U of O demands rape victim’s therapy records – and gets them

GoodTherapy.org, March 13, 2015

CounselingWith nearly half of college students experiencing anxiety and more than a third experiencing depression, college counseling centers are more important than ever. But a hole in medical and educational privacy laws could undermine the confidentiality of students’ counseling sessions. In a move that led to an outraged letter by two counseling center therapists, the University of Oregon obtained records from a rape victim’s counseling sessions. The University used the records to defend a lawsuit the student filed alleging that the school mishandled her rape case.

FERPA: Limited Protection for Students

The student in question says she was raped by three basketball players. In court filings, the school argued it was the rightful owner of the student’s medical records. Though the school found the players responsible and kicked them off the team and out of school, at least one player had also been suspended from a previous team due to sexual assault allegations. When the victim sued the school for failing to protect her, the school sought her medical records to undermine her claims of emotional distress.

When you go to a doctor or therapist, you expect that your information will be kept confidential, thanks to privacy laws such as HIPAA. But HIPAA, the nation’s primary medical privacy law, doesn’t always provide protection against a student’s records being disclosed within the school itself.

Instead, the Family Educational Rights and Privacy Act (FERPA) governs what schools can and cannot disclose. Under current interpretations of the law, schools are allowed to access a student’s school medical records if they are relevant to a legal defense. A student who works with the University of Oregon’s anti-sexual assault organization told NPR that the move had shaken student’s confidence in the school’s mental health system. Two therapists at the school’s counseling center called the school’s actions unprofessional and harmful to students.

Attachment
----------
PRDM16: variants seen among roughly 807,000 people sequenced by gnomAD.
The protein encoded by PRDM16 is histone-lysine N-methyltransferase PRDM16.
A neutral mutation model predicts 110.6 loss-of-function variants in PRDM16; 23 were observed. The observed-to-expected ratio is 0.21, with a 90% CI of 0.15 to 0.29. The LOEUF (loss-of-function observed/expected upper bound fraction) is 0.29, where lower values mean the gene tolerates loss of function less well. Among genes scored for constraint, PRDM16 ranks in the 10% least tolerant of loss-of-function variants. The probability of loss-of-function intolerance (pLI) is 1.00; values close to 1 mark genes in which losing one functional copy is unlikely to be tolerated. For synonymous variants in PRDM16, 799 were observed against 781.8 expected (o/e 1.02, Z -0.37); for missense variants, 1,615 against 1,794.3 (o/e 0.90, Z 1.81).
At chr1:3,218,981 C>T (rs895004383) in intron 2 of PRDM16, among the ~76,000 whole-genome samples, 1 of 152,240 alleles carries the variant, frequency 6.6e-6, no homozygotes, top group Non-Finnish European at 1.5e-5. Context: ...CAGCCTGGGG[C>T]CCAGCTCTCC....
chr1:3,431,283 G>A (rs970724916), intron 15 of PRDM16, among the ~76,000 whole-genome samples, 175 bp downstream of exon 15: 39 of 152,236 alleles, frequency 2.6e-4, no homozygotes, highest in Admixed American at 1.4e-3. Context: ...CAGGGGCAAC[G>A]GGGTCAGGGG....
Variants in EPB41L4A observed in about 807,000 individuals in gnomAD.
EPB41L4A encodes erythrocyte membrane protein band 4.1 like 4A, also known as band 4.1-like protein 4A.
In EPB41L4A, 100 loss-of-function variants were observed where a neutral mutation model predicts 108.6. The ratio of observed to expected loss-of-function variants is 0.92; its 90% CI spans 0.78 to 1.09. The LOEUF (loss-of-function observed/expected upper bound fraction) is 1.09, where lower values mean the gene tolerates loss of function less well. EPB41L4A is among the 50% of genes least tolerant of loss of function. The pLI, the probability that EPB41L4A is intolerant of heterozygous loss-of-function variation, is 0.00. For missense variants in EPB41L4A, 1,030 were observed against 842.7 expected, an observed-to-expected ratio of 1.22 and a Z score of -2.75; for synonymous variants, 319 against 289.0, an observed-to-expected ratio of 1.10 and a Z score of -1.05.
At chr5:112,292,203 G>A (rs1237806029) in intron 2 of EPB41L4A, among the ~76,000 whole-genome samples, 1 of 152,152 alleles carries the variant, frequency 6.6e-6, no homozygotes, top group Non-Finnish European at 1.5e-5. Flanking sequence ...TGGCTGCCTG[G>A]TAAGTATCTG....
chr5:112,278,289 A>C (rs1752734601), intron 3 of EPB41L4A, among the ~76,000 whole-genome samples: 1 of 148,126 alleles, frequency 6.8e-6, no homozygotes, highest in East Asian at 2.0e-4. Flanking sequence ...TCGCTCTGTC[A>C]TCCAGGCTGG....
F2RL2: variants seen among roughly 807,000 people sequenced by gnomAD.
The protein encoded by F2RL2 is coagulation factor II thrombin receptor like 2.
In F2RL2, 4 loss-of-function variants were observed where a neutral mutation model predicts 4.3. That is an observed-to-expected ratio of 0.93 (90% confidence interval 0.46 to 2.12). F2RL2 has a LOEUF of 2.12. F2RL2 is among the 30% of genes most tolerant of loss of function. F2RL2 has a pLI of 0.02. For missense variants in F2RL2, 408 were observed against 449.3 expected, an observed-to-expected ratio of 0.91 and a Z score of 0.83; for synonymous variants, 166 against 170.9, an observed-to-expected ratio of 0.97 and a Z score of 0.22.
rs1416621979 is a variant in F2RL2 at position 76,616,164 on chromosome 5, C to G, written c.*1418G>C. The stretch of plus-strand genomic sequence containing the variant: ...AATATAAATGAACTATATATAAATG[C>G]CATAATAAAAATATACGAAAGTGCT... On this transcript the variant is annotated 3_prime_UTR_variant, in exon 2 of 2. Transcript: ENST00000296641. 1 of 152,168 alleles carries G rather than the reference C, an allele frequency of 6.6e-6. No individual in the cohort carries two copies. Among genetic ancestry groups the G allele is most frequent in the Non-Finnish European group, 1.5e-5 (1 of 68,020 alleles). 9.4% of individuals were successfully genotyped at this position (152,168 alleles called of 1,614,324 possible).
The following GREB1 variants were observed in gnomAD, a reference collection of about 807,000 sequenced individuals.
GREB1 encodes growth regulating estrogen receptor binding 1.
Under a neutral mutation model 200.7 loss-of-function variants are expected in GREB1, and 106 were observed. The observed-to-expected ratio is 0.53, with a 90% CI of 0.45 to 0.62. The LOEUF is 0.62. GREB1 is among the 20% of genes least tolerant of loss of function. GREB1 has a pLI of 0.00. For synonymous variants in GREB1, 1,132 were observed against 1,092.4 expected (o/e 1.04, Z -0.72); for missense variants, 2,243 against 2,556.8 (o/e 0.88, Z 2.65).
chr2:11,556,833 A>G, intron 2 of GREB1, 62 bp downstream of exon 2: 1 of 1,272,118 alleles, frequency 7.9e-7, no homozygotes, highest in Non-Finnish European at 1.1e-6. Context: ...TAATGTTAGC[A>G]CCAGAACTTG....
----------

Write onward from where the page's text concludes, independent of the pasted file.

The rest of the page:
How Disclosures Affect Those Seeking Therapy

The privacy of therapy sessions is, for many therapy clients, the only thing that allows them to feel safe disclosing their most intimate thoughts. Many rape victims deal with guilt and shame, compounded by the fact that 97% of rapists are never punished for their crimes, according to a Rape, Abuse, and Incest National Network (RAINN) analysis. The University of Oregon’s actions, said GoodTherapy.org Topic Expert Lisa Danylchuk, LMFT, further compound these issues. “The university requesting these records reinforces the assumption that rape victims bear some responsibility for the unlawful actions of rapists,” Danylchuk said.

Anastasia Pollock, LCMHC, a GoodTherapy.org Topic Expert in posttraumatic stress and trauma, worries that the school’s move could make therapy itself feel traumatic. “Trauma symptoms can worsen. New symptoms may emerge, and the person may be wary of seeking additional help, especially in the case where a client’s therapy records are accessed without their consent. The trust between client and therapist is violated and this mistrust can be generalized to all therapists. The therapy room can become a place associated with additional trauma and future therapy will likely be difficult for the client. This is very sad because the victim may not get the help they so desperately need and will likely continue to suffer with worsened trauma symptoms.”

Rape survivors often seek a renewed sense of control over their lives, but when confidentiality is violated, the survivor loses control over private information, as well as how that information is presented. Laura Reagan, LCSW-C, a GoodTherapy.org posttraumatic stress and trauma Topic Expert, said that such disclosures can be traumatic in their own right. “Survivors of sexual assault whose confidential health information is used as evidence in civil and criminal cases often experience this as another violation similar to the victimization they felt when the assault occurred. It is important for survivors to regain their sense of power and control after a sexual assault, and losing control of their personal information can exacerbate feelings of powerlessness, triggering trauma symptoms.”

Though FERPA may affect student confidentiality, a number of privacy laws and ethical norms demand that therapists keep information confidential.


  1. 97 of of every 100 rapists receive no punishment. (n.d.). Retrieved from https://rainn.org/news-room/97-of-every-100-rapists-receive-no-punishment
  2. Foden-Vencil, K. (2015, March 9). College rape case shows a key limit to medical privacy law. Retrieved from http://www.npr.org/blogs/health/2015/03/09/391876192/college-rape-case-shows-a-key-limit-to-medical-privacy-law
  3. Williams, R., EdD, LPC, NCC. (2010, July 1). HIPAA or FERPA or Not. Retrieved from https://www.schoolcounselor.org/magazine/blogs/july-august-2010/hippaa-or-ferpa-or-not

Need help?

Portland Women’s Crisis Line offers free, confidential support and resources 24/7 for survivors of rape or domestic abuse.  Call 503-235-5333, or toll-free 1-888-235-5333.

Or call the Multnomah County Call Center crisis line for emergency mental health help 24/7 at 503-988-5888, or toll-free 800-716-9769.